- Dogliotti, L; Orlandi, F; Angeli, A (1989). "The endocrine basis of benign breast disorders". World Journal of Surgery. 13 (6): 674–9. doi:10.1007/BF01658413. PMID 2696218. S2CID 7420761.
- "Breast pain: MedlinePlus Medical Encyclopedia". medlineplus.gov. Retrieved 14 August 2017. This article incorporates text from this source, which is in the public domain.
- Cash, Jill (2014). Family practice guidelines. New York: Springer Publishing. ISBN 9780826197825., [Electronic book] Section I Guidelines, Chapter Thirteen: Gynecologic Guidelines-Breast Pain
- Brown, Ken. "Breast Pain Causes and Diagnosis: Johns Hopkins Breast Center". Retrieved 14 August 2017.
- "Thrush in newborns: MedlinePlus Medical Encyclopedia". medlineplus.gov. Retrieved 3 August 2017. This article incorporates text from this source, which is in the public domain.
- Walker, Marsha (2011). Breastfeeding management for the clinician : using the evidence. Sudbury, Mass: Jones and Bartlett Publishers. p. 533. ISBN 9780763766511.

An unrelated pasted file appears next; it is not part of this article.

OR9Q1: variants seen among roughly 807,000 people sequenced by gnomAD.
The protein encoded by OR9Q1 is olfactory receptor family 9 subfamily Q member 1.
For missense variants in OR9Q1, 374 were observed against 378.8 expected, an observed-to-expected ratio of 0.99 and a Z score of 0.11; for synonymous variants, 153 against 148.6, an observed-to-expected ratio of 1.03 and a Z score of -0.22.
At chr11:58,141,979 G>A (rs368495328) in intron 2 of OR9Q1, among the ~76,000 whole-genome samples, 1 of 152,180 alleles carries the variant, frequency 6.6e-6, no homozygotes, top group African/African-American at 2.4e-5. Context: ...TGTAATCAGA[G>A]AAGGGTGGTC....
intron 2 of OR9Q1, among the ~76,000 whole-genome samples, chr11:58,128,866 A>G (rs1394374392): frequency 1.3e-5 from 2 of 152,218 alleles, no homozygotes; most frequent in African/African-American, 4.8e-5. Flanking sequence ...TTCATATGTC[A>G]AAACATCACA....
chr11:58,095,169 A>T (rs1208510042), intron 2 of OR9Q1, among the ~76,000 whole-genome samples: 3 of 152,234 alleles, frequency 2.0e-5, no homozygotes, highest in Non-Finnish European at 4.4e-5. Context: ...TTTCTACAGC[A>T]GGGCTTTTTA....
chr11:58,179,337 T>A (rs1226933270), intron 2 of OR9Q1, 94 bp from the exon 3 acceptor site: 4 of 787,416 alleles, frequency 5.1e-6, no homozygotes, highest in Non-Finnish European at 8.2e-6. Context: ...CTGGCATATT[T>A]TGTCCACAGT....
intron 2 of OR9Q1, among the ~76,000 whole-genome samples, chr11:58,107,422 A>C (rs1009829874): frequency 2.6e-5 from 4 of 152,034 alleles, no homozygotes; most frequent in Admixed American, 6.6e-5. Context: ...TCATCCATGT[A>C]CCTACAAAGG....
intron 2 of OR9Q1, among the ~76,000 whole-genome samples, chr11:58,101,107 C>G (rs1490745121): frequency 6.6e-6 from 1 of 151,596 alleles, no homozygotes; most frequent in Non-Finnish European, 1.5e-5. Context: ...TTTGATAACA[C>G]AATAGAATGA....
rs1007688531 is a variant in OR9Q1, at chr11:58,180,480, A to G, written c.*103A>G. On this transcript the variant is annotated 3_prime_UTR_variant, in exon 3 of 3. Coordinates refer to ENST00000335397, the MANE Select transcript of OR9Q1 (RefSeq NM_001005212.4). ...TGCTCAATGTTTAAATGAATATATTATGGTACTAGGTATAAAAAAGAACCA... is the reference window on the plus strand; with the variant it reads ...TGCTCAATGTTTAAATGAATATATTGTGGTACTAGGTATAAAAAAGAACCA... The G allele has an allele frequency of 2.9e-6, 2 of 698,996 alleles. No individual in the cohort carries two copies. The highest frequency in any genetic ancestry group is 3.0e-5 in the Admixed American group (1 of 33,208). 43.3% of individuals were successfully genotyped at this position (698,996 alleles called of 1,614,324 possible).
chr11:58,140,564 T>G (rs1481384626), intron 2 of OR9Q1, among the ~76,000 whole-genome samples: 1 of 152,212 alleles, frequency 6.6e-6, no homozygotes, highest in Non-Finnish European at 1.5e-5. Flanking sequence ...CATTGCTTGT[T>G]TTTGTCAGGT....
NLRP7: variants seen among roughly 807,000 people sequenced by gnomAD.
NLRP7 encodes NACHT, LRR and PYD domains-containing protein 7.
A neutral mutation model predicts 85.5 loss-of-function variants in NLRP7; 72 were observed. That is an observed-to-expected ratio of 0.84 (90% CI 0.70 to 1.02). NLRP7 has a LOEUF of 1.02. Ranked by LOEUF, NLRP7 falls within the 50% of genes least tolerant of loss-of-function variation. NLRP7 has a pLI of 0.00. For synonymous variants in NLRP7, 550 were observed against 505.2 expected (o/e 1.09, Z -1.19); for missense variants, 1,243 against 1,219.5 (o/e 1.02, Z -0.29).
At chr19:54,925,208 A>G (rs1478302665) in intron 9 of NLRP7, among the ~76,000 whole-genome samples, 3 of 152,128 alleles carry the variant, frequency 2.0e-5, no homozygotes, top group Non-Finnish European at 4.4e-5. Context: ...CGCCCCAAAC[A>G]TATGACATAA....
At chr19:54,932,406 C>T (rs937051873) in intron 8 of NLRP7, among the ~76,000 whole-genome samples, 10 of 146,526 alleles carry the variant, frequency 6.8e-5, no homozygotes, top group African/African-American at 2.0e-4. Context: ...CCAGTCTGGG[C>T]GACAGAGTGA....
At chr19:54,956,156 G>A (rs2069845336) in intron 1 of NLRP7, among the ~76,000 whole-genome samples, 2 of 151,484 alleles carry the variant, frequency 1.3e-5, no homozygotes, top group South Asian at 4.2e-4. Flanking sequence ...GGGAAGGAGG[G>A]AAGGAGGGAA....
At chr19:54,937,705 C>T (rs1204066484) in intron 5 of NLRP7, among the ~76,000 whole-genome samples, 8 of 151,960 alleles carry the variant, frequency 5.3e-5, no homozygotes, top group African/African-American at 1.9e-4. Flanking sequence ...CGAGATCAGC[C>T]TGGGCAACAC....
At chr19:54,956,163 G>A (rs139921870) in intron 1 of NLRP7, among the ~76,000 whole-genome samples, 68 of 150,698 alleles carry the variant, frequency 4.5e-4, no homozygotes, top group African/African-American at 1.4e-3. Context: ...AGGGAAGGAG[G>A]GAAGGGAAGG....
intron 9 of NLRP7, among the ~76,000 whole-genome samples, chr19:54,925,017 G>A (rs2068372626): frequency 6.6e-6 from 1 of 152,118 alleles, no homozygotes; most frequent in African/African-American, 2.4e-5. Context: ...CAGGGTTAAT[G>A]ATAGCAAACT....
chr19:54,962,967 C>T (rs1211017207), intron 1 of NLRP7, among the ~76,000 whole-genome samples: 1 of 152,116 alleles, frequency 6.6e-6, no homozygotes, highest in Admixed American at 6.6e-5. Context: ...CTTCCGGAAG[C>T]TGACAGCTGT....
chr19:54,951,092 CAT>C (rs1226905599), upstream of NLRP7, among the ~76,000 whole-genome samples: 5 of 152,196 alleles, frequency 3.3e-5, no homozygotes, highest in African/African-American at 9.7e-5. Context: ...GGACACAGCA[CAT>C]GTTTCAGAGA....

- Santos, Kamila Juliana da Silva; Santana, Géssica Silva; Vieira, Tatiana de Oliveira; Santos, Carlos Antônio de Souza Teles; Giugliani, Elsa Regina Justo; Vieira, Graciete Oliveira (2016). "Prevalence and factors associated with cracked nipples in the first month postpartum". BMC Pregnancy and Childbirth. 16 (1): 209. doi:10.1186/s12884-016-0999-4. ISSN 1471-2393. PMC 4975913. PMID 27496088.
- "Sore or cracked nipples when breastfeeding, Pregnancy and baby guide". www.nhs.uk. National Health Services (UK). Retrieved 4 August 2017.
- Kerri Durnell Schuiling; Frances E. Likis (2011). Women's Gynecologic Health. Jones & Bartlett Publishers. pp. 381–. ISBN 978-0-7637-5637-6.